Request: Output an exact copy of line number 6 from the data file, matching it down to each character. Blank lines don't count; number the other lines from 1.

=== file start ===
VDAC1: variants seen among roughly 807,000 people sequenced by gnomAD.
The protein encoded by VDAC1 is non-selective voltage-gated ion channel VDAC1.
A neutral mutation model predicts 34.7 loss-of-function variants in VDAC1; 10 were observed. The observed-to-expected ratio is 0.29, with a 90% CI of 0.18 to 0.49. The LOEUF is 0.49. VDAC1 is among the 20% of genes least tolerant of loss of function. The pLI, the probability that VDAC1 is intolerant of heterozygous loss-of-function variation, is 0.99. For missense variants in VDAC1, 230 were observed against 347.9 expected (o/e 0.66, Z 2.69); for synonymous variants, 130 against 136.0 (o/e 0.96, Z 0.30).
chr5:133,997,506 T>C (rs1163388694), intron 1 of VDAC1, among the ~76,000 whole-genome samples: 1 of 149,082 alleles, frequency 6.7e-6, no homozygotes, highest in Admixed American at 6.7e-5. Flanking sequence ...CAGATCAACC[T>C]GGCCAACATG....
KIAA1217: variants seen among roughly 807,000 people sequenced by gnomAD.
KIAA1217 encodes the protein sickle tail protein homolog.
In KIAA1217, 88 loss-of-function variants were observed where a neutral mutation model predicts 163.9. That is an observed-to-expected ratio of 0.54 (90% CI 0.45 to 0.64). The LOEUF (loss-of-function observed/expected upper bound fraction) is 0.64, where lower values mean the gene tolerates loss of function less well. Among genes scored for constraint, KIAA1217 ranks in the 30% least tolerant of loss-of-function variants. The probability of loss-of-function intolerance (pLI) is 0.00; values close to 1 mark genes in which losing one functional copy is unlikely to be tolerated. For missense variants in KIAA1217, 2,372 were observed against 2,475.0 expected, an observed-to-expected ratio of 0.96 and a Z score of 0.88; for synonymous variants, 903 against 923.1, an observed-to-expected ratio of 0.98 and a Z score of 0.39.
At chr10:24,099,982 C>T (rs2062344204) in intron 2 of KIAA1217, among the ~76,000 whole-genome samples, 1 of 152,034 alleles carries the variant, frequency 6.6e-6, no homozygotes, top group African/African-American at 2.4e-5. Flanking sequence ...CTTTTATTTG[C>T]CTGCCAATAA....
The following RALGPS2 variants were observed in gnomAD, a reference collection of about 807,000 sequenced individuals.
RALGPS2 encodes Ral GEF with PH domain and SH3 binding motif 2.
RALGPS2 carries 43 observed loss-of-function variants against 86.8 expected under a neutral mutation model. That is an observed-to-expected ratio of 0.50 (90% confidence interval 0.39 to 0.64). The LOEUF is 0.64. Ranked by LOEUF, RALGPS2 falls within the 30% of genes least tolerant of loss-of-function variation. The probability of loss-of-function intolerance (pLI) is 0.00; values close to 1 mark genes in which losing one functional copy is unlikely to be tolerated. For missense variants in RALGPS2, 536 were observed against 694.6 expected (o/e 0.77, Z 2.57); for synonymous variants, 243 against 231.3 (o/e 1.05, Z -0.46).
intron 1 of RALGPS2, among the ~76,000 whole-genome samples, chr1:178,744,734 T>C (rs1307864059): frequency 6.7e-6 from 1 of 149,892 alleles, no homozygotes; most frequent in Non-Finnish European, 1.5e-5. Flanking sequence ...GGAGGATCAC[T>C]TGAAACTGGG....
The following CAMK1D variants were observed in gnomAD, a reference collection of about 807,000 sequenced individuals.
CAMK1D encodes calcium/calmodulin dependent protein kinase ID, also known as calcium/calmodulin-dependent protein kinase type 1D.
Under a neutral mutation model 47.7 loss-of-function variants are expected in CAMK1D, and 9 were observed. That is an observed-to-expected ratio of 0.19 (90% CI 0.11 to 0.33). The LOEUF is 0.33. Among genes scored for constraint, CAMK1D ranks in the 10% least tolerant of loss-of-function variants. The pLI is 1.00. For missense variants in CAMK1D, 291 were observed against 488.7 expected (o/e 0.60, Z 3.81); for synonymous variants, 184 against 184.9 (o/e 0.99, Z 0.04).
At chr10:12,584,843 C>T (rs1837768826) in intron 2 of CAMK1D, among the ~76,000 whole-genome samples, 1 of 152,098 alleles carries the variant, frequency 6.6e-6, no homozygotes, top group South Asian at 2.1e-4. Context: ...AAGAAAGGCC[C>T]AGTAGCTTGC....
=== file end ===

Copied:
KIAA1217 encodes the protein sickle tail protein homolog.